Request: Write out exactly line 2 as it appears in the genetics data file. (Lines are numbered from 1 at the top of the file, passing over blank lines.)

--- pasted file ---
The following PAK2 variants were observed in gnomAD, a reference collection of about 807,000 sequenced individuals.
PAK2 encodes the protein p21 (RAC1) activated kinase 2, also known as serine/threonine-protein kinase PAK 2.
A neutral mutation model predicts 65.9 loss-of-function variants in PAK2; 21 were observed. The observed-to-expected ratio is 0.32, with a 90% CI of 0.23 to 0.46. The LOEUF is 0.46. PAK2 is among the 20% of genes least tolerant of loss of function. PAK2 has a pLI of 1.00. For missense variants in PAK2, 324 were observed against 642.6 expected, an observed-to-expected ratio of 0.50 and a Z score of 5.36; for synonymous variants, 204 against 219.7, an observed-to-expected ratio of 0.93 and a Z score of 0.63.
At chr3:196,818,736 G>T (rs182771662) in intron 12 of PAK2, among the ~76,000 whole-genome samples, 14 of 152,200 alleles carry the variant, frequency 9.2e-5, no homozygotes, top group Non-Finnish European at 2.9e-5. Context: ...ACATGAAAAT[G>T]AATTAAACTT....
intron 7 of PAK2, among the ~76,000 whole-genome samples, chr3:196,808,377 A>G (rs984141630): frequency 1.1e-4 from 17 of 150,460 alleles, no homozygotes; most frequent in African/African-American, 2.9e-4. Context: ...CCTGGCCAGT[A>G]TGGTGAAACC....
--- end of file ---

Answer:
PAK2 encodes the protein p21 (RAC1) activated kinase 2, also known as serine/threonine-protein kinase PAK 2.